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social inclusion

Social inclusion in a time of social distancing

Social inclusion in a time of social distancing – can we connect more?

Why is social inclusion important? During the Covid-19 pandemic, the ensuing lockdown and social distancing, it has been necessary to keep away from other people as much as possible to stop the spread of the virus. Despite this, some amazing work to help others has been done in communities by hundreds of community and voluntary organisations. Local mutual aid groups and social media groups – sometimes for specific streets – have sprung up virtually overnight to offer help to neighbours they may not have known previously.

Social inclusion as Video conferencing

The use of online activities and video meetings has increased hugely. Coming out on our doorsteps or leaning out of our windows every Thursday evening to clap NHS, carers and key workers has also been a great way of encouraging social inclusion examples and helping us to feel connected and uplifted. Clap for our Carers | Zetetick However we should be aware that some groups of people are experiencing more loneliness and isolation than others. We already know that people with learning disabilities were much more likely to experience feelings of loneliness and isolation before Covid-19 arrived, and many are finding it even harder now. Many marginalised people struggling with social inclusion, including the elderly and those on low incomes are also those who do not have access to the internet or do not know how to use it. https://www.jrf.org.uk/blog/coronavirus-response-must-include-digital-access-connect-us-all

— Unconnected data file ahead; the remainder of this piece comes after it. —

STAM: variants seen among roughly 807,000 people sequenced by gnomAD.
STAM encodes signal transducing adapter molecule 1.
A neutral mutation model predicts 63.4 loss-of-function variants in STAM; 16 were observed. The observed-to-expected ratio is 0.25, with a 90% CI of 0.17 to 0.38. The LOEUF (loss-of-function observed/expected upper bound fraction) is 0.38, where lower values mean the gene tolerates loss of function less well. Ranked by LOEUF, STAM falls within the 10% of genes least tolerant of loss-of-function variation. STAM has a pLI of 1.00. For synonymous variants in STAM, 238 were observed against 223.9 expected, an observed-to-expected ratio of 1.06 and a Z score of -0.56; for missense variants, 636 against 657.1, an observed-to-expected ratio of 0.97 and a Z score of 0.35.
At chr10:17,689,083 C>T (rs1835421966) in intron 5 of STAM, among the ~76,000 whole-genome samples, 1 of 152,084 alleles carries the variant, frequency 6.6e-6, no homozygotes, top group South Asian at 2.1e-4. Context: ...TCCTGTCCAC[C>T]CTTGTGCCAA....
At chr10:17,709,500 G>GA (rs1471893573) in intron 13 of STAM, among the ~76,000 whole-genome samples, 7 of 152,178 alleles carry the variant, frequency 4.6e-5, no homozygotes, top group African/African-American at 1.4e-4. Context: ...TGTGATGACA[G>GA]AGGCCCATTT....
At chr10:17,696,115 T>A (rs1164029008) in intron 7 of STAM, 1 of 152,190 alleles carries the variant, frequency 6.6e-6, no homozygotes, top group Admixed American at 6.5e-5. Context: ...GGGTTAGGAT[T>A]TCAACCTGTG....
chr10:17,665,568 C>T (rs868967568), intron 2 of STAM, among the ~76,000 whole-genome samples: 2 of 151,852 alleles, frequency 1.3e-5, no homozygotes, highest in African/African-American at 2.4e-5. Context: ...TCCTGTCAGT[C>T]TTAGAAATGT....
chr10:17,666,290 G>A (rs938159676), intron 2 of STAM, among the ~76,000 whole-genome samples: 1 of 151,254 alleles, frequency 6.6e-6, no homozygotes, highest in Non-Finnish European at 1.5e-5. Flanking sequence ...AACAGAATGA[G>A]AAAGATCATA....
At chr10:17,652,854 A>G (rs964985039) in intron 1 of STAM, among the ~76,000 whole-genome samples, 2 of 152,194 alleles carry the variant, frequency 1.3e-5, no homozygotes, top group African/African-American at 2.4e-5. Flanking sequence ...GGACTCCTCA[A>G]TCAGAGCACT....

An ONS survey in 2019 estimated that 9% of adults in the UK have never used the internet or hadn’t used it in the previous three months. https://www.citizensonline.org.uk/digital-inclusion/

Digital inclusion is social inclusion

The All Party Parliamentary Group on Social Integration recently looked at ‘Social Connection in the Covid-19 Crisis’. They found that ‘the lockdown has reinforced the importance of digital social inclusion in this era.’ https://www.housinglin.org.uk/_assets/Resources/Housing/OtherOrganisation/Social-Connection-in-the-COVID-19-Crisis.pdf

As it becomes more and more important to have access to the internet for day to day life as well as for coping with the restrictions of Coronavirus, we need to look at ways to make this affordable and accessible in different ways for different groups. For people with learning disabilities this means accessible formats using plain English, with tailored support and activities related to the interests and needs of the person.

 

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Digital championing

While we obviously still need to keep in touch as much as possible by phone, letter and distanced doorstep meetings, digital means of communication have become vital during the lockdown. Using the internet allows us to not only shop and take part in leisure activities, but also to keep in touch with friends and family, access health information, complete job applications and apply for government benefits. This is why ‘digital champion’ schemes were set up. These schemes aim to distribute Digital devices and train volunteers to speak to people on the phone to teach them how to use the internet.

 

Fair access to online services enables social inclusion and helps us work towards a fairer society.

 

 

 

 

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